13 Most Famous World Heritage Sites

Pyramids of Giza – Egypt

The Great Pyramids are part of a massive UNESCO World Heritage Site (added to the list in 1979) which encompasses Memphis (first capital of Ancient Egypt), its Necropolis, and the over 38 pyramids between Giza and Dahshur.

The Pyramids of Giza were built around BC 2500 and comprise of the Pyramid of Khafre, Menkaure, and Khufu. Khufu is also called “the Great Pyramid of Giza,” being the tallest man-made structure and one of the Seven Wonders of the Ancient World. The entire complex also includes the Sphinx, bringing over 5 million visitors per year (down from 14 during its peak in 2010).

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    Chichen-Itza – Mexico

    Located in the Yucatán Peninsula in Mexico, Chichen-Itza was a large pre-Hispanic city built by the Mayan civilization. The city’s name means “At the edge of the well of the Itzaes,” which refers to the two cenotes (natural sinkholes), which was the main source of water.

    The site is famous for its step pyramids, including El Castillo, also known as the Temple of Kukulcan (a Mayan feathered serpent deity), standing at roughly 30 meters high. Chichen-Itza. receives around 2.6 million tourists every year and was added to the list in 1988.

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    Great Barrier Reef – Australia

    The Great Barrier Reef is the largest collection of coral reefs in the world. It covers an area of approximately 344,400 square kilometres, and features 1,500 species of fish, 4,000 types of mollusk, and 2,900 individual reefs (with 400 types of coral).


    This complex ecosystem was added to the World Heritage Site list in 1981 due to its impressive biodiversity. There are also around 900 islands in the area, with some reaching 1,100 meters above sea level. The reef is the natural habitat of the dugong (sea cow) and the large green turtle, which are currently threatened with extinction.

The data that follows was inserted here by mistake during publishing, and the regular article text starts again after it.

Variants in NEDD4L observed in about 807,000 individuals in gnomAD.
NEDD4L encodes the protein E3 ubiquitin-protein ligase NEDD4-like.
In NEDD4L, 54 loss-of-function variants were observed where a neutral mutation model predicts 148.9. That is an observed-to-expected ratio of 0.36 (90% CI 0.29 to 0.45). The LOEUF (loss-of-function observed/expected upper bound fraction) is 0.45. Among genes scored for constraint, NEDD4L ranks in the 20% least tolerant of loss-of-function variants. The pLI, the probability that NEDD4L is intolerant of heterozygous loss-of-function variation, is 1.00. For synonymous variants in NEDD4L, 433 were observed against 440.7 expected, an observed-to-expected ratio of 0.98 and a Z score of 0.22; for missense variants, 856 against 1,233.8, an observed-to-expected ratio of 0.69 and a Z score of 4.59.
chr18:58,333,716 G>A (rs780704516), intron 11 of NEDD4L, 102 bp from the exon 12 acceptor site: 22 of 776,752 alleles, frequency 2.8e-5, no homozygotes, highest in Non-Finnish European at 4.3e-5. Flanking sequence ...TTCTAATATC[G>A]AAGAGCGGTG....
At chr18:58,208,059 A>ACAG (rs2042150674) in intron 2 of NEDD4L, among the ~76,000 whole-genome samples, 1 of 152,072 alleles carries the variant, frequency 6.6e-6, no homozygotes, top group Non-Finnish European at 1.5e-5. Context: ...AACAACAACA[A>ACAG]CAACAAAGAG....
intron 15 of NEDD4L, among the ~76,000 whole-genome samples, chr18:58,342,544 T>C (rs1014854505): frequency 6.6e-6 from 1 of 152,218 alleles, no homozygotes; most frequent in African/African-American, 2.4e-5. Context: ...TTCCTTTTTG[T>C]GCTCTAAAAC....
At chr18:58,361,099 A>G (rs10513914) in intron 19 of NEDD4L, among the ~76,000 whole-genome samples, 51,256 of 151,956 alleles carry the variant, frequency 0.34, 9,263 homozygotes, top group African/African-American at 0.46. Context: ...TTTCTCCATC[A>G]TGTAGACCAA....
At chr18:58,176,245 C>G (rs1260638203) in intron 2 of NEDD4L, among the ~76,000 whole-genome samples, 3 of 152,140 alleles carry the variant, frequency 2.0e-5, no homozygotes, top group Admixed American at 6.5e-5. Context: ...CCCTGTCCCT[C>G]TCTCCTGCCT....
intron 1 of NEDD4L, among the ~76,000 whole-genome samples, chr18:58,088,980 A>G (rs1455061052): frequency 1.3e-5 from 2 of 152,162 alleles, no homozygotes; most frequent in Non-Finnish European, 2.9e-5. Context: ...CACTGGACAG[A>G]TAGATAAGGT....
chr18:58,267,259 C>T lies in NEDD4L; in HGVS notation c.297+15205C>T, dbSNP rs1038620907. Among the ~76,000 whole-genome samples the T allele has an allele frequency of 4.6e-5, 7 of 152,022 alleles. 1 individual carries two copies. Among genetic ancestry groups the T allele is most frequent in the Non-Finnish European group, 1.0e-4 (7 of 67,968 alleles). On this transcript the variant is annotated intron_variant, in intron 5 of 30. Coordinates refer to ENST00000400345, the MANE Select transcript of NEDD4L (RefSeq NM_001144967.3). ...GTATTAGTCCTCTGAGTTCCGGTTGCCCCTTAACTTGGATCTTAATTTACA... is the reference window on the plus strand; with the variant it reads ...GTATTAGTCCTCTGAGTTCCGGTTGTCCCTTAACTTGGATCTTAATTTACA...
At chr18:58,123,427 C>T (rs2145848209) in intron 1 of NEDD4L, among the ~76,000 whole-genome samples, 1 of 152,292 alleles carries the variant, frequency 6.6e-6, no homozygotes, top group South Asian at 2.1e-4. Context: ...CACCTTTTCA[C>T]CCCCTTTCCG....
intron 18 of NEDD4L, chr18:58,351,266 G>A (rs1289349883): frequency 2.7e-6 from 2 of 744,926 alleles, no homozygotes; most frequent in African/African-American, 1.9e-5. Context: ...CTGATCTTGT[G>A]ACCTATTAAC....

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    10 Interesting New Year’s Traditions from Around the World

    In the Gregorian calendar, which is the most widely-used calendar system in the world, the start of the New Year is celebrated on January 1. In North America, bottles of champagne are popped, kisses are exchanged, and everyone sings and makes noise to celebrate the arrival of the New Year. Some traditions that we take part in are unique to our culture, even if it seems like everyone does them. In other parts of the globe, the celebration of the New Year looks quite different — some cultures even celebrate it on a completely separate day.

    Weirdest American Holiday Traditions

    The holiday season is here and businesses across the United States are going all-out to make sure that their decorations are better than the year before. The majority of Americans get so excited about holidays that it’s easy to forget how many traditions are strangely unique to the American culture. Actually, there are a large number of uniquely American holiday traditions that seem strange to those who didn’t grow up here. Let’s explore some of the weirdest American holiday traditions that are out there today.

    The World in Liquor

    When you go out for a night, how many options for liquor does your home base bar have on offer? Sure, they’ve probably got some standard gins, vodkas, rums, whiskies, and tequilas—but probably not much of anything else. If you’re traveling, one of the best ways to start to get to know the local culture is to indulge in a popular local drink.